It's a well-established fact that humans are prone to deteriorating vision over the course of their lives. By the time you reach retirement, you're likelier to require reading glasses than you are not to require them. It's common enough that it's easy to handle and nothing to be ashamed of or concerned about. However, because it's not such a pressing concern, and because it's so far in the future for many younger people, taking care of your eyes may fall low on your priority list.
If that's the case, it's understandable — but your optometrist would much prefer that you bump it up a few places on the list, and it's worth following that advice. Here's why.
Comfort for Now
Not all eye problems develop in later life. One study of Australian adults holds that 61% of adults use some form of vision correction — either glasses or contact lenses. What percentage would use them if everybody visited the optometrist frequently enough? It's difficult to say — but clearly, young adults are more than capable of developing problems with their vision well before old age. As such, even if you don't feel you currently have any problems, you should start visiting now.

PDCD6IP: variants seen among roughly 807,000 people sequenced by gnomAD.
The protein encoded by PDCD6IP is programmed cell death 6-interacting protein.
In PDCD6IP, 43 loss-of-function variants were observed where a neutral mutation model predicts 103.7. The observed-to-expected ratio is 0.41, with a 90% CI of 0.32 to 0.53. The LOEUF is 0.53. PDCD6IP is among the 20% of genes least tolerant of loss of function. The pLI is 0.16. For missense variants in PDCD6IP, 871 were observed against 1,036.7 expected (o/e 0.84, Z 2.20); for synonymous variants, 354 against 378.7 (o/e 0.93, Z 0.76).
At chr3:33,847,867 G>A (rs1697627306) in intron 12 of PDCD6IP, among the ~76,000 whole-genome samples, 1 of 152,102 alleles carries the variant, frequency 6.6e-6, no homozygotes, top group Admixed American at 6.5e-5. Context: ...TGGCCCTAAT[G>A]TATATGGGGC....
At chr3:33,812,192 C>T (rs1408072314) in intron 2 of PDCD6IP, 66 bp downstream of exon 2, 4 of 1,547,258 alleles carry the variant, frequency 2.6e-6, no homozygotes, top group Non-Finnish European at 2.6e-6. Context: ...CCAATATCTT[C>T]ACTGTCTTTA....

Spotting Early Signs
If you've been having annual eye checkups for your entire life, it will be much easier for your optometrist to spot a problem if one should emerge; it will be an obvious anomaly in the history of your health, and they can begin treating it immediately. If you only turn up when you start having problems, it may be harder for the eye doctor to determine what the issue is, and why it has arisen. This is especially true if you have other small issues with your eyes which you have either failed to notice or have presumed were normal over the years.
Screen Strain and Modern Concerns
Research is still underway regarding how the eyes are affected by the use of digital screens in the long-term. Some studies have shown that the 'blue light' given off by computer screens and smartphones is dangerous for your eyes; others disagree, suggesting that while blue light can be harmful in large doses, the amount you come into contact with in daily life is not nearly enough to cause damage.
While experts disagree on this, continuing to visit an optometrist is wise in case there really is a danger there. Equally, it's known for certain that using screens for too many hours a day can strain your eyes and cause headaches, so it's best to offset that as best you can with annual checkups.
In short, the health of your eyes is not just a future problem. You're likelier to face more issues the older you get, but that doesn't mean you're entirely safe from them now — and considering that a visit will only take half an hour once a year, it's no great hardship to keep track.